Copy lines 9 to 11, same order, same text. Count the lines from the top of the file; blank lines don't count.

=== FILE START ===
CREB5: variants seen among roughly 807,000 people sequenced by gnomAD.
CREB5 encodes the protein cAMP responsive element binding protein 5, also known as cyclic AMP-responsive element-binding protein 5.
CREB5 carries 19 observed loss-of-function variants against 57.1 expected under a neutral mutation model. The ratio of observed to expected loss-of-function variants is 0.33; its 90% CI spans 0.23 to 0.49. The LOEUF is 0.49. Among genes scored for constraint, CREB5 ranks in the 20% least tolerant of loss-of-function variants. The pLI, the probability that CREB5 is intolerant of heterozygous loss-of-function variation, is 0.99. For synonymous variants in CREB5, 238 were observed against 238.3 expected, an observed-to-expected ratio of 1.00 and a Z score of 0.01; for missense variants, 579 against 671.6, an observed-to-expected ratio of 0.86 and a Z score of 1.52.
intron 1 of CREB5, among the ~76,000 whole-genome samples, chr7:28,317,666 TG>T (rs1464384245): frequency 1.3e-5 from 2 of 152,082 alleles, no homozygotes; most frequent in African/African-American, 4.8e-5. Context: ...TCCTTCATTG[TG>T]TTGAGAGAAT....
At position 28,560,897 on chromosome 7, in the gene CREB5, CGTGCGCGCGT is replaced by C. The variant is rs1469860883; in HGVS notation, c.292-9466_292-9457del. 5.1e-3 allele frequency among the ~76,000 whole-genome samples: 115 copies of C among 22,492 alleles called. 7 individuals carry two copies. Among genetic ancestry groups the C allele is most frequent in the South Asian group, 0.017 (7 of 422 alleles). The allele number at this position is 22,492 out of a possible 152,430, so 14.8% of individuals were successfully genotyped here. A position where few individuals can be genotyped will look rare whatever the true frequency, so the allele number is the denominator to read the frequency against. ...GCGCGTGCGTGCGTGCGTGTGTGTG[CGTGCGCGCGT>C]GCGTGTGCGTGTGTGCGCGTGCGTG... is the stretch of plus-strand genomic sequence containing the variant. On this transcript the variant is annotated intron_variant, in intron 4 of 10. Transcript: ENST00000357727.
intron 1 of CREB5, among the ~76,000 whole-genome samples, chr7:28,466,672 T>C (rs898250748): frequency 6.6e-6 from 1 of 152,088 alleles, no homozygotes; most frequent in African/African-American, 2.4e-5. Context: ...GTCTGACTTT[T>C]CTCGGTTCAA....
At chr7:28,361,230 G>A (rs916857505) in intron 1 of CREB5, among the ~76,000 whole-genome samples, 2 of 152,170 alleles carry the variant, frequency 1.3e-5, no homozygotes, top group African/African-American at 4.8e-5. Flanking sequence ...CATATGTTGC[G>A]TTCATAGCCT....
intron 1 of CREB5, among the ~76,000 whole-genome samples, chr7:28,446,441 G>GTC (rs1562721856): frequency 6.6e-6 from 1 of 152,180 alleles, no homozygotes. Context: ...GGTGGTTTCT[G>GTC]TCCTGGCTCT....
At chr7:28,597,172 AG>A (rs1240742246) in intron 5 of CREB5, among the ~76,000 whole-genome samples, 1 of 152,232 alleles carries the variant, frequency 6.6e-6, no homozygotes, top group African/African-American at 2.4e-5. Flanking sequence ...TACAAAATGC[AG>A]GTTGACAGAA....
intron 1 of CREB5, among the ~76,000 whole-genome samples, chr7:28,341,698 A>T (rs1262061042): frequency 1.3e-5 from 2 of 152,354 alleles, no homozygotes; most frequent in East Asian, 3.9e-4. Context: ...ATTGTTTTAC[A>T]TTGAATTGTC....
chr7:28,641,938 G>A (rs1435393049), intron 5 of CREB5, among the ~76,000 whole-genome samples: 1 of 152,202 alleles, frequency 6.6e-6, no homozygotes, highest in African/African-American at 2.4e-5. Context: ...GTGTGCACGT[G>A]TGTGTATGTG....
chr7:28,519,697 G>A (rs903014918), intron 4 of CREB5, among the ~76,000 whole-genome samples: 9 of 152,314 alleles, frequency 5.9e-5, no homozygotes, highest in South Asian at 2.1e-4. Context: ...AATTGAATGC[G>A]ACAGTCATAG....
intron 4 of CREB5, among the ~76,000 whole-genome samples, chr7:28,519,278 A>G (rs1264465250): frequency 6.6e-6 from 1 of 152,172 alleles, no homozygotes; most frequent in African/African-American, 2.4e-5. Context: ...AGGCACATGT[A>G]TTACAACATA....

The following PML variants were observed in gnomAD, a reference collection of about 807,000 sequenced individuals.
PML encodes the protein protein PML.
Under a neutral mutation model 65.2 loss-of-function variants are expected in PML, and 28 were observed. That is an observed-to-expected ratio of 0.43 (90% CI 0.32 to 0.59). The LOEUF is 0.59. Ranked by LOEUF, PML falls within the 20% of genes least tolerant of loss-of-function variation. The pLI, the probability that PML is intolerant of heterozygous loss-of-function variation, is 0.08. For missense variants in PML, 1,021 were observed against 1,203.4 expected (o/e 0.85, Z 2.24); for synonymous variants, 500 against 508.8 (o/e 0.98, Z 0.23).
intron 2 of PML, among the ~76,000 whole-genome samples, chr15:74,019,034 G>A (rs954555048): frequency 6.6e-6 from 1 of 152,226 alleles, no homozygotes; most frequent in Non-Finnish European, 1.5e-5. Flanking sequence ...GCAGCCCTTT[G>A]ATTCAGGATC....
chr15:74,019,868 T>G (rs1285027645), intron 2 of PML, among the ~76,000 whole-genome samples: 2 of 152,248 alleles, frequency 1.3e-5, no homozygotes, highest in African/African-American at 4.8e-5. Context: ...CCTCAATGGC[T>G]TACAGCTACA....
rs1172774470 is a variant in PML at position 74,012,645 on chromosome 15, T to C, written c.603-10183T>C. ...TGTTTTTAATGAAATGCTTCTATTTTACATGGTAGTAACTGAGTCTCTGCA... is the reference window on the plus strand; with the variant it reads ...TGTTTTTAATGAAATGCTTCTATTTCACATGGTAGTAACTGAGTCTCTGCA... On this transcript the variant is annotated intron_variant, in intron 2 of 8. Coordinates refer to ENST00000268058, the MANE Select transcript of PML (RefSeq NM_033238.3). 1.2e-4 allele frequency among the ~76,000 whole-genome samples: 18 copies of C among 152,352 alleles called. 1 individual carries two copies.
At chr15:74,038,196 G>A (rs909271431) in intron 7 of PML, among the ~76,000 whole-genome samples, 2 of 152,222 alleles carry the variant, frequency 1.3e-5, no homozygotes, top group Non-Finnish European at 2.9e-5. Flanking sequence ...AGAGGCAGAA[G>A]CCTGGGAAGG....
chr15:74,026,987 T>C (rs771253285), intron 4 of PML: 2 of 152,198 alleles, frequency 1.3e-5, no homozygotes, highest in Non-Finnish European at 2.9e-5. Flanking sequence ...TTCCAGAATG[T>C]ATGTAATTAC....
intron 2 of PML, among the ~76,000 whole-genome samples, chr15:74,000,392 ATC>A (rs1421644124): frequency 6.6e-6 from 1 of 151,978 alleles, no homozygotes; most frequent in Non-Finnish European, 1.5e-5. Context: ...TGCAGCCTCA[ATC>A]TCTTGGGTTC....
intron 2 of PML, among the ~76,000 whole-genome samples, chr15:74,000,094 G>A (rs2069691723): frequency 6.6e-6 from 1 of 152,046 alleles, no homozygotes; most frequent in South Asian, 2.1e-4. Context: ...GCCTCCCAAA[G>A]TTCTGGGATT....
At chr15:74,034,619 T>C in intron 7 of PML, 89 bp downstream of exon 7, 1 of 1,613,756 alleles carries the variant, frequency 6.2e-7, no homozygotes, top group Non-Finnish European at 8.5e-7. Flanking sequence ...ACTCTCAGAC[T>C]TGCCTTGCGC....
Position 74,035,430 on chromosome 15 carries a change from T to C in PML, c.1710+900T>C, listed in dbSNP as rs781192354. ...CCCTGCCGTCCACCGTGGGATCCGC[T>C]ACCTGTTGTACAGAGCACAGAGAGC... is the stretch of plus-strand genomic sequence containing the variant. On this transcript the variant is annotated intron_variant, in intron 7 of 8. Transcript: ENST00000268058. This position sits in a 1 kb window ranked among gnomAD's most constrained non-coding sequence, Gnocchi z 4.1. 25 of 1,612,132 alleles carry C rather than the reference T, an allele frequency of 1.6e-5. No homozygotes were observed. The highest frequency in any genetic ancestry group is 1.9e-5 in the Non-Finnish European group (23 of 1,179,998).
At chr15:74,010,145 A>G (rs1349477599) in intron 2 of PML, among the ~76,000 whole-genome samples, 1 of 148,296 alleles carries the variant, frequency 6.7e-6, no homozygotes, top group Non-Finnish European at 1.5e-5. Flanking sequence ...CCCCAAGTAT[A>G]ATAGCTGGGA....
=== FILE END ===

At chr7:28,597,172 AG>A (rs1240742246) in intron 5 of CREB5, among the ~76,000 whole-genome samples, 1 of 152,232 alleles carries the variant, frequency 6.6e-6, no homozygotes, top group African/African-American at 2.4e-5. Flanking sequence ...TACAAAATGC[AG>A]GTTGACAGAA....
intron 1 of CREB5, among the ~76,000 whole-genome samples, chr7:28,341,698 A>T (rs1262061042): frequency 1.3e-5 from 2 of 152,354 alleles, no homozygotes; most frequent in East Asian, 3.9e-4. Context: ...ATTGTTTTAC[A>T]TTGAATTGTC....
chr7:28,641,938 G>A (rs1435393049), intron 5 of CREB5, among the ~76,000 whole-genome samples: 1 of 152,202 alleles, frequency 6.6e-6, no homozygotes, highest in African/African-American at 2.4e-5. Context: ...GTGTGCACGT[G>A]TGTGTATGTG....